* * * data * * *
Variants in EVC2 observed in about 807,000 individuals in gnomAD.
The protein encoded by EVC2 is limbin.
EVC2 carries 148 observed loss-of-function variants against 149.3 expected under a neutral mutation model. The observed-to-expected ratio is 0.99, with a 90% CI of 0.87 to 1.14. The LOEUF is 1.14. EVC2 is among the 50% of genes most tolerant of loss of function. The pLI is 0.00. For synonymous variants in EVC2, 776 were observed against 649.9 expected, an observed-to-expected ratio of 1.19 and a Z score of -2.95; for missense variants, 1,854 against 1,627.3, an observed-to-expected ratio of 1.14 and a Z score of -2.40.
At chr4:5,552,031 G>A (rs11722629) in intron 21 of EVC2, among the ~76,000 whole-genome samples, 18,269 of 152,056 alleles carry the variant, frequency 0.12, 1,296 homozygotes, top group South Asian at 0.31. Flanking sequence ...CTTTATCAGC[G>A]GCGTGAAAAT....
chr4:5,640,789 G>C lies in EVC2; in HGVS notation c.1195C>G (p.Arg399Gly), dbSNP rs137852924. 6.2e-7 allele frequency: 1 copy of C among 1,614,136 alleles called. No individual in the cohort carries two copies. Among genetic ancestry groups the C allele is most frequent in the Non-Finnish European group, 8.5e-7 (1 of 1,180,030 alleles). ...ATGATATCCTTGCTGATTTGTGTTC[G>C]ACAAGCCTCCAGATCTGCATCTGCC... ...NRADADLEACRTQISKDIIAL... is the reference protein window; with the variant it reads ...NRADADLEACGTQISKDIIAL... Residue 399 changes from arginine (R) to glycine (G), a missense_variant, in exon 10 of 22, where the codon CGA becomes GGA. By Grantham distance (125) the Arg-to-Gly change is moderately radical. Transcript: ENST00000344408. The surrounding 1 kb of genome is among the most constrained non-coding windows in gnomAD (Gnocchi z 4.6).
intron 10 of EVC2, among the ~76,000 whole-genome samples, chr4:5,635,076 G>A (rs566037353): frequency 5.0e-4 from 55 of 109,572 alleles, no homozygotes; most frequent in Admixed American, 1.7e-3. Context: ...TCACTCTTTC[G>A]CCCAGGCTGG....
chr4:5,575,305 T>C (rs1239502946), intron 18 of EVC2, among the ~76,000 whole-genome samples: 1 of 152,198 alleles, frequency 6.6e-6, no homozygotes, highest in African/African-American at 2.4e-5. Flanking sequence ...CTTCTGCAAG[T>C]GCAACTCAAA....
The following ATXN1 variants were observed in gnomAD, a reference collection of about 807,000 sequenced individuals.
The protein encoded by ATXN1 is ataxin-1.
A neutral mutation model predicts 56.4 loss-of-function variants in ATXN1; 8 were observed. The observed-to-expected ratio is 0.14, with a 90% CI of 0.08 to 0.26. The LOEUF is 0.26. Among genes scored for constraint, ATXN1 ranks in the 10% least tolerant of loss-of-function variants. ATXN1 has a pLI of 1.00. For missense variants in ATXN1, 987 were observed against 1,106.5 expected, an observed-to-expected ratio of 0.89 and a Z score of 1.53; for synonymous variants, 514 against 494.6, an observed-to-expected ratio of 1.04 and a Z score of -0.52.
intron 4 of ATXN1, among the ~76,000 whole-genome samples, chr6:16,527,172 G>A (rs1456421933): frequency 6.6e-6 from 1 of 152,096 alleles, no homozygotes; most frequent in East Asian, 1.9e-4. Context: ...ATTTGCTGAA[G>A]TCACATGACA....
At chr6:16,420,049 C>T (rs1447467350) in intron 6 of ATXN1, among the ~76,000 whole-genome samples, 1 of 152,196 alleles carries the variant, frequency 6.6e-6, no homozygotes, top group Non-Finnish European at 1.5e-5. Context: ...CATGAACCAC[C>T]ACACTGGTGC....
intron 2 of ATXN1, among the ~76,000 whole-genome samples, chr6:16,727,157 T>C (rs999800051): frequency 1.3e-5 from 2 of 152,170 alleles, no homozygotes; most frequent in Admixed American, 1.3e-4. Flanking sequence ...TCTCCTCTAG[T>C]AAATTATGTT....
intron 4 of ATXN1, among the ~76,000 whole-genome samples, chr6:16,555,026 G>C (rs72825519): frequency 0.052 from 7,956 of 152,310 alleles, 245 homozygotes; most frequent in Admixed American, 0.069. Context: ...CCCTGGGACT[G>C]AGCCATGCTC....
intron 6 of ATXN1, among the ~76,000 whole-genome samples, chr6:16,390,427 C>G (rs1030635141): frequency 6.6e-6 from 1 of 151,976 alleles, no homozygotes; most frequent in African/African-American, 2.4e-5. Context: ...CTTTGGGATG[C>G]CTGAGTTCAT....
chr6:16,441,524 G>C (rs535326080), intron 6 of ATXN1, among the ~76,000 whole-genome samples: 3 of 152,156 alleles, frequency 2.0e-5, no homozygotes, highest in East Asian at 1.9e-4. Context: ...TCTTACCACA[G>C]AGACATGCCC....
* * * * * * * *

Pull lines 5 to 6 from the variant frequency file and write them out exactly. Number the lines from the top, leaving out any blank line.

chr4:5,640,789 G>C lies in EVC2; in HGVS notation c.1195C>G (p.Arg399Gly), dbSNP rs137852924. 6.2e-7 allele frequency: 1 copy of C among 1,614,136 alleles called. No individual in the cohort carries two copies. Among genetic ancestry groups the C allele is most frequent in the Non-Finnish European group, 8.5e-7 (1 of 1,180,030 alleles). ...ATGATATCCTTGCTGATTTGTGTTC[G>C]ACAAGCCTCCAGATCTGCATCTGCC... ...NRADADLEACRTQISKDIIAL... is the reference protein window; with the variant it reads ...NRADADLEACGTQISKDIIAL... Residue 399 changes from arginine (R) to glycine (G), a missense_variant, in exon 10 of 22, where the codon CGA becomes GGA. By Grantham distance (125) the Arg-to-Gly change is moderately radical. Transcript: ENST00000344408. The surrounding 1 kb of genome is among the most constrained non-coding windows in gnomAD (Gnocchi z 4.6).
intron 10 of EVC2, among the ~76,000 whole-genome samples, chr4:5,635,076 G>A (rs566037353): frequency 5.0e-4 from 55 of 109,572 alleles, no homozygotes; most frequent in Admixed American, 1.7e-3. Context: ...TCACTCTTTC[G>A]CCCAGGCTGG....